@Greggz point was that it doesnt do anything to help plants grow. He did agree that its an algaecide, but that only helps plants indirectly.
The growth process affected by glut, as you know, is splattered everywhere on this forum and the web, so I don’t want to get into that, here. I think that everything I’m about to say is well known to you, so this is mainly for others that may not be aware.
Significant? Can you quantify that?The carbon contribution of Excel-like products is insignificant as compared to CO2 injection, but it is significant as compared to atmospheric contribution of carbon
My personal belief and having used Excel in low-tech is that it can help increase growth, but not by providing carbon. I think it simply "cleanses" things and makes it easier for some plants to uptake nutrients on the leaf surface. We all know it's not co2 and it hasn't been shown anywhere that the plant is up-taking a useful form of carbon. I honestly think in many cases, just better maintenance/light mgmt will do the same thing....The carbon contribution of Excel-like products is insignificant as compared to CO2 injection, but it is significant as compared to atmospheric contribution of carbon, and that is where it is useful as a growth-promoting supplement. It would be wasteful to use it in a high-tech tank to promote growth, unless using it purely as an algaecide...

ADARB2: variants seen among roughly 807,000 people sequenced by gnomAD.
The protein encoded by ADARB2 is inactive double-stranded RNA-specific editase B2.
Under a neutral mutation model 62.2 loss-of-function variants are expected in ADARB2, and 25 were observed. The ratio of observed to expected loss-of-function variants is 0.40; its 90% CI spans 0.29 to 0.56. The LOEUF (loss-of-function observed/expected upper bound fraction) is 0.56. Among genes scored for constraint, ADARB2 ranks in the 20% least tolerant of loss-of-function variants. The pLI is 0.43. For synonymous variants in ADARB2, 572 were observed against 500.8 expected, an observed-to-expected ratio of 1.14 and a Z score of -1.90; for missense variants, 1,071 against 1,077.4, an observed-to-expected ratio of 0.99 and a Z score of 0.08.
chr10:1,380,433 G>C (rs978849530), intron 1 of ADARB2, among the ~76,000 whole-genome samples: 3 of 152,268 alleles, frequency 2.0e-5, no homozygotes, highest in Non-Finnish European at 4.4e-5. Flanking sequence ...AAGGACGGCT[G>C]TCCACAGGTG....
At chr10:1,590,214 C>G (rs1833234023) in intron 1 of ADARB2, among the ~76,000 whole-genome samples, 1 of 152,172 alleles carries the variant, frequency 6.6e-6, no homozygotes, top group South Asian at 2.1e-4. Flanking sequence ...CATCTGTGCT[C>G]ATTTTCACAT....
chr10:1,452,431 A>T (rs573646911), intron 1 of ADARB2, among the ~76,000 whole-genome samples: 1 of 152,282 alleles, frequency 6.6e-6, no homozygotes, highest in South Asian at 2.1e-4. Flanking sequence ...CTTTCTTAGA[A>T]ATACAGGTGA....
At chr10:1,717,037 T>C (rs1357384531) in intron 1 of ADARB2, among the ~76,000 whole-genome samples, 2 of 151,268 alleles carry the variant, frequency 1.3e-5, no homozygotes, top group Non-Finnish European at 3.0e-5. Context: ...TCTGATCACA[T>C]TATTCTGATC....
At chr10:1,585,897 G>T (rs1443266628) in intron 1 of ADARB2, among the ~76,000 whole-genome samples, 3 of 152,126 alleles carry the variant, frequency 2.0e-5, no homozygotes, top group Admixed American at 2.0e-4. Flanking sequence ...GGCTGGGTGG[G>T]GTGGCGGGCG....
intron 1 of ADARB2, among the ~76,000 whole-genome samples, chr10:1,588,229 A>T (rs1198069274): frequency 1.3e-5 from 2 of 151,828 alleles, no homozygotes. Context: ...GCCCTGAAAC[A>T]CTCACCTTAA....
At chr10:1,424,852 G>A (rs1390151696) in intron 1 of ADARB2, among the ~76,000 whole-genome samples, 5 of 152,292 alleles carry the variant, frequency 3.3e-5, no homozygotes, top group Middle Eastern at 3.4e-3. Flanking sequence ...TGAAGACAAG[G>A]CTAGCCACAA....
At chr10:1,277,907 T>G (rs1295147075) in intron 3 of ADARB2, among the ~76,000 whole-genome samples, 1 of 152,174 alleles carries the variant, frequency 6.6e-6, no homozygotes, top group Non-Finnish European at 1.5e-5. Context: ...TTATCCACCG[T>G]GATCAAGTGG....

C'mon, now: nobody can quantify much of anything in this hobby, e.g.; can you quantify what is insignificant about it?Significant? Can you quantify that?
As to damaging plants, too much Excel can weaken any plant. The issue is people overdose hoping to help the tank and exactly the opposite can happen. I've even seen people dip plants directly into Excel and are surprised when they melt. It kills things. That's what it is designed for.
But like you said, this has been debated many times over, and neither one of us are likely to change many minds. I don't believe it has any real benefit, while others do. .